It’s the end of the second week of rehearsals for Brass, and I am very pleased with the direction we’re heading in. There’s still a veritable mountain to climb, but we’ve put a lot of layers down. We’ve had a few little blips during the week, a few panics, a few people losing confidence, but I don’t think anyone is scared of the show any more, which, for a piece the size of Brass is fairly surprising. My task for next week is to slowly chip away at the unexplored edges, so, by the time we run the piece a week on Monday, everyone is aware of what they at least should be doing at every stage of their journey.
One of the slightly eccentric aspects of Brass is that most of the big production numbers are performed by the men, with the women baring the brunt of the solo work. Perhaps if I had my time again, I’d have shoved a big, upbeat showstopper into Act II for the girls to perform which mirrors Barnbow Lassies. And yes, I’m aware the show is plenty long enough already, so no one should feel the need to write in!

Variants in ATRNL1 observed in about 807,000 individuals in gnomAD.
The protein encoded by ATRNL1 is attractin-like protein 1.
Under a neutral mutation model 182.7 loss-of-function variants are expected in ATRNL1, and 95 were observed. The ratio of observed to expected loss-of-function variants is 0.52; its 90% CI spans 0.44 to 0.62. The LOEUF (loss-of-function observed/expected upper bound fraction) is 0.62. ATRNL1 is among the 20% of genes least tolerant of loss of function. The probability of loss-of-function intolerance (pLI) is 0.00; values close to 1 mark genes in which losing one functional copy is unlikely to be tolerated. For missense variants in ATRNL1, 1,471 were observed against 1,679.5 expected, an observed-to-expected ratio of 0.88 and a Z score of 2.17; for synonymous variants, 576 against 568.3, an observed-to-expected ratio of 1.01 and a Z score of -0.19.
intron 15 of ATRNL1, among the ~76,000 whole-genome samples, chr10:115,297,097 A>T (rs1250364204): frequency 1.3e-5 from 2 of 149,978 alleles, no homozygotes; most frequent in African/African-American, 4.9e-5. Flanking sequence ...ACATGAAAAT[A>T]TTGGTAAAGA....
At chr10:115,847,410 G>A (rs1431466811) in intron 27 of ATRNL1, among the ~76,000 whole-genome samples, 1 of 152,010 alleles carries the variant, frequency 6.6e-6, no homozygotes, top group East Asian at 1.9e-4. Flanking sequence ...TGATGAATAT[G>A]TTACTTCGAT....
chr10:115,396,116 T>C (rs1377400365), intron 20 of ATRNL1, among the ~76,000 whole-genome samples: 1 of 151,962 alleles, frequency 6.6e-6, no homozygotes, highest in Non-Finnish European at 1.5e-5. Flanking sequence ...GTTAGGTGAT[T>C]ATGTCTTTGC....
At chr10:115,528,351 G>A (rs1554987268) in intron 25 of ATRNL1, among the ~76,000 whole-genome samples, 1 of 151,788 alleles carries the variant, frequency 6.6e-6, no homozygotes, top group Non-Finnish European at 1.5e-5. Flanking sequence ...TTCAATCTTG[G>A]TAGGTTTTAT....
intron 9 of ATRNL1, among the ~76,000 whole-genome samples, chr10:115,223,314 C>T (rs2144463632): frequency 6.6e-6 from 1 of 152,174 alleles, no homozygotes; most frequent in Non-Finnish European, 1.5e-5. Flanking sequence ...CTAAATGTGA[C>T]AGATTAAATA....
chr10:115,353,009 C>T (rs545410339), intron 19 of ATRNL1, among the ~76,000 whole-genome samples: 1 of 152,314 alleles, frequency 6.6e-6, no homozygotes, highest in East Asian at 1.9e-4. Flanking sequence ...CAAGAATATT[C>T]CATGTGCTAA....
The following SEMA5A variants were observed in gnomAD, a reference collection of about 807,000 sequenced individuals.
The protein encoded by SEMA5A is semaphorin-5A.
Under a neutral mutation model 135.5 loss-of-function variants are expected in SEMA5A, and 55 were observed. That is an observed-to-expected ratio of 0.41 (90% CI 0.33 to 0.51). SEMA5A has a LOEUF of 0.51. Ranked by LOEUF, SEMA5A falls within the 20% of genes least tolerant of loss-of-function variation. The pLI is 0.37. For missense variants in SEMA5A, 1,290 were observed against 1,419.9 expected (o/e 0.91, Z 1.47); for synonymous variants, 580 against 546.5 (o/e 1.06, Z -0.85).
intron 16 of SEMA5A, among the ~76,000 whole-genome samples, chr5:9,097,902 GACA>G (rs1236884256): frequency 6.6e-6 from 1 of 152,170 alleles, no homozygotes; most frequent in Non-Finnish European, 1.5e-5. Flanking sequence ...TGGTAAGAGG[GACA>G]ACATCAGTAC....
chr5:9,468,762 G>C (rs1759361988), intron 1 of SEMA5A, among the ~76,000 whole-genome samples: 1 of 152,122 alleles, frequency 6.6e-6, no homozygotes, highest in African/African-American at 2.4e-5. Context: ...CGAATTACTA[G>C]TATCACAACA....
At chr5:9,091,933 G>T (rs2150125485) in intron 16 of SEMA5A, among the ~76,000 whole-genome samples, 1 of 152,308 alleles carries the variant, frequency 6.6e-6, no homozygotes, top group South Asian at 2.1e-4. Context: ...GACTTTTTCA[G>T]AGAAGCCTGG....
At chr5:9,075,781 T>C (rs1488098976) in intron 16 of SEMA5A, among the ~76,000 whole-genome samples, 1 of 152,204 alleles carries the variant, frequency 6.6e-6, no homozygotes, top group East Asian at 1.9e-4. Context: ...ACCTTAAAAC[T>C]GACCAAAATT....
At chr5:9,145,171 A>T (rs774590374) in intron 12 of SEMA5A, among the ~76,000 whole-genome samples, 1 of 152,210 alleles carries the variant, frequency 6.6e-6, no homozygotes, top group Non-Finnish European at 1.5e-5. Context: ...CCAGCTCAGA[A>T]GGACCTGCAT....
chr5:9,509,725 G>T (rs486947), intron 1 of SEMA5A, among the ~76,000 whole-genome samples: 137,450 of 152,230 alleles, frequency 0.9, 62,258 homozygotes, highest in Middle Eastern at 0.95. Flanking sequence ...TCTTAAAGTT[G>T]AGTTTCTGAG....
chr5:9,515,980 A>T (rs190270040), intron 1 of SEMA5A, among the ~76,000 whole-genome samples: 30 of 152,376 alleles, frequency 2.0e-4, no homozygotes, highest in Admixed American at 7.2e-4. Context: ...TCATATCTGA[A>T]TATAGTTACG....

We have a dead rat in our kitchen. (There’s a rat in me kitchen what am I gonna do...) She is wrapped in a towel, bless her, and I basically need to work out how and where to bury her. She needs to have dignity in death, so I refuse to throw her casually into a dustbin. As a rat fancier, the irony hasn’t escaped me that we have chosen to kill this little lass, after sharing our lives very happily with similar-shaped creatures in the past.
This weekend, after shul, is all about a) relaxing and b) tackling a veritable mountain of admin relating to Brass. I have to invite industry types to see the show. I have to invite my friends to see it. If you’re reading this blog, and you don’t yet have the dates and such, here’s the science:
Shows are all at the Bernie Grant theatre in Tottenham and I urge you to book because it WILL sell out.